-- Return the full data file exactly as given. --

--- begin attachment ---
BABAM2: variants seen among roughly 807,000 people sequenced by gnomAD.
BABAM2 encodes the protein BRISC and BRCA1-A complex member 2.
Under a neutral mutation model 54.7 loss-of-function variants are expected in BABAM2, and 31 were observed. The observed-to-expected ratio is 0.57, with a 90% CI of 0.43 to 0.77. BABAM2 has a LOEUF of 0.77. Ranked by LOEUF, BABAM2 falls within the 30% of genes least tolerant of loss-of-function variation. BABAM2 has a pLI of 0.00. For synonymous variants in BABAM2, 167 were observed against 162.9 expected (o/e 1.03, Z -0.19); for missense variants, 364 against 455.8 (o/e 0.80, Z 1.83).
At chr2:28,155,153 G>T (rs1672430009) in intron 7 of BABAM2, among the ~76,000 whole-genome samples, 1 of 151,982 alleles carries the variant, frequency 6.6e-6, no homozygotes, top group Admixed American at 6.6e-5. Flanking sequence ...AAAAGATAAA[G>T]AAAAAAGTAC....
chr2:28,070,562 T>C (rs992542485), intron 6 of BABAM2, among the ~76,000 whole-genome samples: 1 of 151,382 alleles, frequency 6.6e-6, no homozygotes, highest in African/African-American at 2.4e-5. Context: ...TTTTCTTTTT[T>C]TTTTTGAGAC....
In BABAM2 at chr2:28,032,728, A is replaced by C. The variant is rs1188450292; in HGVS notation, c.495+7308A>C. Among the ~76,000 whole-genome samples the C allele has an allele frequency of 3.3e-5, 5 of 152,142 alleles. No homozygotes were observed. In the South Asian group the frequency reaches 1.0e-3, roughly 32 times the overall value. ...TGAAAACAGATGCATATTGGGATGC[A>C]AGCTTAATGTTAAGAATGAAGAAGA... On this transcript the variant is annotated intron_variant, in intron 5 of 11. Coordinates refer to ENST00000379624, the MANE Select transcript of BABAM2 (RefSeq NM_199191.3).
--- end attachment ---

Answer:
BABAM2: variants seen among roughly 807,000 people sequenced by gnomAD.
BABAM2 encodes the protein BRISC and BRCA1-A complex member 2.
Under a neutral mutation model 54.7 loss-of-function variants are expected in BABAM2, and 31 were observed. The observed-to-expected ratio is 0.57, with a 90% CI of 0.43 to 0.77. BABAM2 has a LOEUF of 0.77. Ranked by LOEUF, BABAM2 falls within the 30% of genes least tolerant of loss-of-function variation. BABAM2 has a pLI of 0.00. For synonymous variants in BABAM2, 167 were observed against 162.9 expected (o/e 1.03, Z -0.19); for missense variants, 364 against 455.8 (o/e 0.80, Z 1.83).
At chr2:28,155,153 G>T (rs1672430009) in intron 7 of BABAM2, among the ~76,000 whole-genome samples, 1 of 151,982 alleles carries the variant, frequency 6.6e-6, no homozygotes, top group Admixed American at 6.6e-5. Flanking sequence ...AAAAGATAAA[G>T]AAAAAAGTAC....
chr2:28,070,562 T>C (rs992542485), intron 6 of BABAM2, among the ~76,000 whole-genome samples: 1 of 151,382 alleles, frequency 6.6e-6, no homozygotes, highest in African/African-American at 2.4e-5. Context: ...TTTTCTTTTT[T>C]TTTTTGAGAC....
In BABAM2 at chr2:28,032,728, A is replaced by C. The variant is rs1188450292; in HGVS notation, c.495+7308A>C. Among the ~76,000 whole-genome samples the C allele has an allele frequency of 3.3e-5, 5 of 152,142 alleles. No homozygotes were observed. In the South Asian group the frequency reaches 1.0e-3, roughly 32 times the overall value. ...TGAAAACAGATGCATATTGGGATGC[A>C]AGCTTAATGTTAAGAATGAAGAAGA... On this transcript the variant is annotated intron_variant, in intron 5 of 11. Coordinates refer to ENST00000379624, the MANE Select transcript of BABAM2 (RefSeq NM_199191.3).